Archive | Sacred pop culture

Tequila on Thursday Morning

Last Thursday, May 18th, I sat at my desk at 10 am and took two shots of tequila.*
One for Chris Cornell’s death.
And one for his life.

The life that came through that amazing voice.

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I haven’t said anything yet, because my grief is not over. Barely begun, honestly. The 3-day emotional cycle of social media is not enough for this death, for me.

Chris Cornell was someone I chose to listen to, a few years after the biggest rush of grunge. I bought Temple of the Dog as one of my 10 CD selections with BMG (only a penny, do you remember that?). It wasn’t a case of being caught up in the music of my generation, it felt more intentional than that. It was an adult purchase, inside of my budding adult sense of myself.

He was important because of his talent, because of his emotions and how much he loved Andrew Wood, because of how his beautiful voice conveyed all of it. But also, for me, because his voice and music fed the seeds of my self.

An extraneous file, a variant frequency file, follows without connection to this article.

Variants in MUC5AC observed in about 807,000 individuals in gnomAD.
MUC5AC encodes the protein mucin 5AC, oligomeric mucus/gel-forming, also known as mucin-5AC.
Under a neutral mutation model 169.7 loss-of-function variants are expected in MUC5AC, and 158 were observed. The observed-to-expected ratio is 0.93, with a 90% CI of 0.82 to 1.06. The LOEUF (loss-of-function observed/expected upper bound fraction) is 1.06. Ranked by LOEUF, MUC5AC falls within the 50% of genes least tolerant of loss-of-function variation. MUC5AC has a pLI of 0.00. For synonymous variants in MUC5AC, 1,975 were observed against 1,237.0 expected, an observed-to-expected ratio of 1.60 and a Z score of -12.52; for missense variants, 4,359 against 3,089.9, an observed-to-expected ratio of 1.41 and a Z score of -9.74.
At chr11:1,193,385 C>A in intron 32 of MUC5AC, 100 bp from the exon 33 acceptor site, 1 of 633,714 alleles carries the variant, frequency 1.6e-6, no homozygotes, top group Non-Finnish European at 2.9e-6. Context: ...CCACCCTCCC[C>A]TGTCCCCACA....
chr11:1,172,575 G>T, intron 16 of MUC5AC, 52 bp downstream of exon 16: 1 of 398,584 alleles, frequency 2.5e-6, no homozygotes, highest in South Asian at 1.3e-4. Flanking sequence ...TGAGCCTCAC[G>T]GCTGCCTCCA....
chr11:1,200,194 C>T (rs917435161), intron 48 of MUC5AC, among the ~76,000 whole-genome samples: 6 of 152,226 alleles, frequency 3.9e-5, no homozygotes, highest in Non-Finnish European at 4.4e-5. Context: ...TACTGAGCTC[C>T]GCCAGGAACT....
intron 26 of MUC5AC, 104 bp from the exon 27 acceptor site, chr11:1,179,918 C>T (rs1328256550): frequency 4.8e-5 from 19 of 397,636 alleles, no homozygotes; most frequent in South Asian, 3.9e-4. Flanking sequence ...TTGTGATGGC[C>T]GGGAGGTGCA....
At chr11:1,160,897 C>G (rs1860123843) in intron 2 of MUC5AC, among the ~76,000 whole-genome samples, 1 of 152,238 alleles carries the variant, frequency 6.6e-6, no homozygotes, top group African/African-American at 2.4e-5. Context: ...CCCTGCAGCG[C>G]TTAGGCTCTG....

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Because I am from Seattle, I have a lot of friends back there, and with Chris Cornell being a son of that city, there were lots of memories.

A former roommate talked about taking a Chem class with Soundgarden’s bassist, Hiro Yamamoto at Western Washington University (my alma mater. I remember when he came back from class to tell us what had happened, how it had been discovered. Great story, not gonna tell you; it’s his business).

Another friend, who I knew had worked for the King County Coroner’s office (but didn’t put two and two together until she shared), talked about being part of the team that catalogued and packed up Layne Stayley’s remains when he was found in 2002 (15 years ago, my god). Another voice that can never be duplicated, lost to drugs. (“So many sharps,” my friend said, “so many.”)

And people who had served Chris Cornell around town. Or seen him in the early years. There was a comedy show in Seattle in the 1990s called “Almost Live” where Billy Nye got his start. Soundgarden was part of “The Lame List” piece once. (See also: ‘High Five-n’ White Guys’ and ‘Chihuly and Jones’ – INFJ’s have a terrible sense of humor.)